Almost every (West) German town has an Italian restaurant. Italians were the biggest group of the first Gastarbeiter wave that helped the German Wirtschaftswunder to keep its momentum, and a good number stayed in the Federal Republic after their initial stint was over. Many an Italian opened a gelato place or a restaurant. At the same time, Western Germans could afford cars and vacations, and for many their first holiday abroad was south of the Alps in the country where lemons grow, to more or less quote good old Goethe. In bella Italia, they grew fond of pasta, pizza, and vino, if they did not totally fall for la dolce vita in Tuscany. At home, going to an Italian restaurant was a way to relive at least some of the culinary memories. And for many a German, the attitude of Italian waiters, the interspersed Italian bits and pieces like pronto, por favore, and ciao just belong to pasta, pizza, and vino.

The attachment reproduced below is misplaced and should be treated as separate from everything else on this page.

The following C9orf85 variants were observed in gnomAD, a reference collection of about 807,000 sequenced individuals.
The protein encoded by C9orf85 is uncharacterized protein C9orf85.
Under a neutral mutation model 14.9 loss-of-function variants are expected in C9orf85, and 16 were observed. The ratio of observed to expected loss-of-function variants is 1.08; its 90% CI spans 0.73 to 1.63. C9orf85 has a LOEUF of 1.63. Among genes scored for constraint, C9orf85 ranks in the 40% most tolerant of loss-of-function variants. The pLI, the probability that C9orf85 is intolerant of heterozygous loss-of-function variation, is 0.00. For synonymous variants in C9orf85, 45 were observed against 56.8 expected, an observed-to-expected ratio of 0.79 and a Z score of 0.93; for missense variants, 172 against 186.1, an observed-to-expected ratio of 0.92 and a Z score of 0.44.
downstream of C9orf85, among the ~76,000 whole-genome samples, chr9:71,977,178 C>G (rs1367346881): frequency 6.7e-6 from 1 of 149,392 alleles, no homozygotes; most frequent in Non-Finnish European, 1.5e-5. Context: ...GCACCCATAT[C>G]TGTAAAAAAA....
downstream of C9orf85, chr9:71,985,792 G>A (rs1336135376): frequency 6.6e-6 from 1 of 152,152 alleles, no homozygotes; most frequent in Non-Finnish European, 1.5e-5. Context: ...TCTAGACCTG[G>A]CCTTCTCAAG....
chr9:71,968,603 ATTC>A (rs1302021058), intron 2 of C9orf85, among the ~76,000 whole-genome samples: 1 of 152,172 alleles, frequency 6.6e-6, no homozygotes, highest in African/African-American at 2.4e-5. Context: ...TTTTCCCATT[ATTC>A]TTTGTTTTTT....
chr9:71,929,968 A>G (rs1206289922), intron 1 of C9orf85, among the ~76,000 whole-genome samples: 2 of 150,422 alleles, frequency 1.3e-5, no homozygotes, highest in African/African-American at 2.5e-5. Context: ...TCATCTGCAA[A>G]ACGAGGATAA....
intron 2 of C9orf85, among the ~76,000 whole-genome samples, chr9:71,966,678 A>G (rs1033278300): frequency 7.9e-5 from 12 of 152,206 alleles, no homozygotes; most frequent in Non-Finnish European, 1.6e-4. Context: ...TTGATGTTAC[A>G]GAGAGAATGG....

These days, a good (and real, that is, Italian owned and run) ristorante (or trattoria or osteria) has more to offer than just pizza magherita or spaghetti carbonara. If you like different varieties of pizza and pasta with quality ingredients or other Italian specialties, and if you want half of your conversation with the waiters in Italian, then Al Dente in the Bursagasse is the way to go in Tübingen. Their prices may not be cheap for student standards (pasta and pizza, depending on the sauce and topping, start at about 8 Euro), but the food is delicious, regardless if you order penne alla vodka or pizza with spicy-hot peperoni sausage. A bowl with freshly-baked bread is served at every table, and their selection of Italian wine is sheer overwhelming.
Althoughb it might be best to reserve a table in advance, at least in the evening—both the first floor bar-style room and the downstairs wine cellar will most likely be packed. But even if you have to wait at the bar, a prosecco on the house will help shorten your waiting time.